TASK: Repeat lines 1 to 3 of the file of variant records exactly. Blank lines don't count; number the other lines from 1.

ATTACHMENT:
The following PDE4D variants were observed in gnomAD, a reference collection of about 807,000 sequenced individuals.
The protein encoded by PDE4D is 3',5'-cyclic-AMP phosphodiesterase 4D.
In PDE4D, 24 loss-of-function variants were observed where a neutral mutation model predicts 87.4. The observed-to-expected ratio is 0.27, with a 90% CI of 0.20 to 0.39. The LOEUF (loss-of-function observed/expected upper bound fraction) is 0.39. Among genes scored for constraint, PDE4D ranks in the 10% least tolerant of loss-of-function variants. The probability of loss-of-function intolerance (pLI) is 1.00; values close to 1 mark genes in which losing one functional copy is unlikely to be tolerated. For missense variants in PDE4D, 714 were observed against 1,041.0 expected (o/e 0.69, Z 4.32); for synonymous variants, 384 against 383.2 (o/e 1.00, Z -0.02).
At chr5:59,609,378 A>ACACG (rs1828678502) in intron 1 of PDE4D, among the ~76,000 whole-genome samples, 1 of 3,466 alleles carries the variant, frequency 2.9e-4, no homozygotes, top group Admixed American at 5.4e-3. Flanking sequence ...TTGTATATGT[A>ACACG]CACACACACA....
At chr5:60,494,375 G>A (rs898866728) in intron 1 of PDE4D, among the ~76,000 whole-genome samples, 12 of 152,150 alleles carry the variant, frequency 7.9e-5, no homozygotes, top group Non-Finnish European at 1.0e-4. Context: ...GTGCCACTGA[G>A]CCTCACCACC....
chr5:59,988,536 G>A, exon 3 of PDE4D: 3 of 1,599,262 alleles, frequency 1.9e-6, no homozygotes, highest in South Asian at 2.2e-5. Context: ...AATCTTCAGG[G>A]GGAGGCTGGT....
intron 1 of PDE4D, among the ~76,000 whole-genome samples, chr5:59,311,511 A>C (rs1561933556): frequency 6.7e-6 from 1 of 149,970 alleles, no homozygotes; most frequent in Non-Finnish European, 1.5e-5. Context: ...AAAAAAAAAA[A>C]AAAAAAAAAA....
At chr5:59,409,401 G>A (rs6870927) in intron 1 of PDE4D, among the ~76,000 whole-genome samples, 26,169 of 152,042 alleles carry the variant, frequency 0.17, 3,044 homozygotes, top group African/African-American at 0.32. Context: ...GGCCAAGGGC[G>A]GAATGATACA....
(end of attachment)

The following PDE4D variants were observed in gnomAD, a reference collection of about 807,000 sequenced individuals.
The protein encoded by PDE4D is 3',5'-cyclic-AMP phosphodiesterase 4D.
In PDE4D, 24 loss-of-function variants were observed where a neutral mutation model predicts 87.4. The observed-to-expected ratio is 0.27, with a 90% CI of 0.20 to 0.39. The LOEUF (loss-of-function observed/expected upper bound fraction) is 0.39. Among genes scored for constraint, PDE4D ranks in the 10% least tolerant of loss-of-function variants. The probability of loss-of-function intolerance (pLI) is 1.00; values close to 1 mark genes in which losing one functional copy is unlikely to be tolerated. For missense variants in PDE4D, 714 were observed against 1,041.0 expected (o/e 0.69, Z 4.32); for synonymous variants, 384 against 383.2 (o/e 1.00, Z -0.02).